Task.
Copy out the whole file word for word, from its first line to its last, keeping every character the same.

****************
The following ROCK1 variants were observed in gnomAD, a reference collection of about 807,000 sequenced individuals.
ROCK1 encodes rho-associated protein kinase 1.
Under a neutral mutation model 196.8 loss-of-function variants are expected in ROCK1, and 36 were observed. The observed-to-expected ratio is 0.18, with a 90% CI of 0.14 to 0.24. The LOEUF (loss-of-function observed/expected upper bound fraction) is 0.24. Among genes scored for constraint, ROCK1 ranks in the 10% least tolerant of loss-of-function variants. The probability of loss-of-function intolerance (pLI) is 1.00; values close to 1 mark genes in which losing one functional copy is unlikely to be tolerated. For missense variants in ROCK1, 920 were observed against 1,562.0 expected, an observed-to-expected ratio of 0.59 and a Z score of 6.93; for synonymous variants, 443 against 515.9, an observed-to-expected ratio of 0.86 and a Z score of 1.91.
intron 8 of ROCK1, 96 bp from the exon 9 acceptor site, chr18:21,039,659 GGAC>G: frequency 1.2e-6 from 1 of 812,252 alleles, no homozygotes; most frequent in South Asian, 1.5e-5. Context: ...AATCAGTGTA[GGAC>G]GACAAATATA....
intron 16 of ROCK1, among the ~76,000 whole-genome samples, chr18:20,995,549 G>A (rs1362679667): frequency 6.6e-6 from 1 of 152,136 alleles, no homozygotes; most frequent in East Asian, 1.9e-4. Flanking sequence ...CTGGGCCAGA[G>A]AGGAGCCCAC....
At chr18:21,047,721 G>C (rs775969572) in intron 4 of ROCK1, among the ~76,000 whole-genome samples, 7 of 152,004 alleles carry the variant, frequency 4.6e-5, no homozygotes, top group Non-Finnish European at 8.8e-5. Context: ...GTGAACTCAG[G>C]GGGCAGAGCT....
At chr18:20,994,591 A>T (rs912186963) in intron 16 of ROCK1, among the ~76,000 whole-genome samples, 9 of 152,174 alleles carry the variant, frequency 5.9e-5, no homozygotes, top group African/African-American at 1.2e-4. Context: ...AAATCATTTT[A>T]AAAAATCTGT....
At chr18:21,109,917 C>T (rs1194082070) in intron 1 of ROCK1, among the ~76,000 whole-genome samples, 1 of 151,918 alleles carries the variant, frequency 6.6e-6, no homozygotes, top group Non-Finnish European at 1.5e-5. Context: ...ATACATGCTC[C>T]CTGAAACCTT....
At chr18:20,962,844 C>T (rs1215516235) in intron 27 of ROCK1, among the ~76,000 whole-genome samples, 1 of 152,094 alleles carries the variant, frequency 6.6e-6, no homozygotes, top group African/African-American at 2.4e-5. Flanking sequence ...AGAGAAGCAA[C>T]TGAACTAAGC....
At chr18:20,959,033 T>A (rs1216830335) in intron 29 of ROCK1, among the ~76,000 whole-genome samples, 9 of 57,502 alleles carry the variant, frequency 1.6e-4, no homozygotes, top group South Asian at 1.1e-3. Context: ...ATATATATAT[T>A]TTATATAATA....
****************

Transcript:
The following ROCK1 variants were observed in gnomAD, a reference collection of about 807,000 sequenced individuals.
ROCK1 encodes rho-associated protein kinase 1.
Under a neutral mutation model 196.8 loss-of-function variants are expected in ROCK1, and 36 were observed. The observed-to-expected ratio is 0.18, with a 90% CI of 0.14 to 0.24. The LOEUF (loss-of-function observed/expected upper bound fraction) is 0.24. Among genes scored for constraint, ROCK1 ranks in the 10% least tolerant of loss-of-function variants. The probability of loss-of-function intolerance (pLI) is 1.00; values close to 1 mark genes in which losing one functional copy is unlikely to be tolerated. For missense variants in ROCK1, 920 were observed against 1,562.0 expected, an observed-to-expected ratio of 0.59 and a Z score of 6.93; for synonymous variants, 443 against 515.9, an observed-to-expected ratio of 0.86 and a Z score of 1.91.
intron 8 of ROCK1, 96 bp from the exon 9 acceptor site, chr18:21,039,659 GGAC>G: frequency 1.2e-6 from 1 of 812,252 alleles, no homozygotes; most frequent in South Asian, 1.5e-5. Context: ...AATCAGTGTA[GGAC>G]GACAAATATA....
intron 16 of ROCK1, among the ~76,000 whole-genome samples, chr18:20,995,549 G>A (rs1362679667): frequency 6.6e-6 from 1 of 152,136 alleles, no homozygotes; most frequent in East Asian, 1.9e-4. Flanking sequence ...CTGGGCCAGA[G>A]AGGAGCCCAC....
At chr18:21,047,721 G>C (rs775969572) in intron 4 of ROCK1, among the ~76,000 whole-genome samples, 7 of 152,004 alleles carry the variant, frequency 4.6e-5, no homozygotes, top group Non-Finnish European at 8.8e-5. Context: ...GTGAACTCAG[G>C]GGGCAGAGCT....
At chr18:20,994,591 A>T (rs912186963) in intron 16 of ROCK1, among the ~76,000 whole-genome samples, 9 of 152,174 alleles carry the variant, frequency 5.9e-5, no homozygotes, top group African/African-American at 1.2e-4. Context: ...AAATCATTTT[A>T]AAAAATCTGT....
At chr18:21,109,917 C>T (rs1194082070) in intron 1 of ROCK1, among the ~76,000 whole-genome samples, 1 of 151,918 alleles carries the variant, frequency 6.6e-6, no homozygotes, top group Non-Finnish European at 1.5e-5. Context: ...ATACATGCTC[C>T]CTGAAACCTT....
At chr18:20,962,844 C>T (rs1215516235) in intron 27 of ROCK1, among the ~76,000 whole-genome samples, 1 of 152,094 alleles carries the variant, frequency 6.6e-6, no homozygotes, top group African/African-American at 2.4e-5. Flanking sequence ...AGAGAAGCAA[C>T]TGAACTAAGC....
At chr18:20,959,033 T>A (rs1216830335) in intron 29 of ROCK1, among the ~76,000 whole-genome samples, 9 of 57,502 alleles carry the variant, frequency 1.6e-4, no homozygotes, top group South Asian at 1.1e-3. Context: ...ATATATATAT[T>A]TTATATAATA....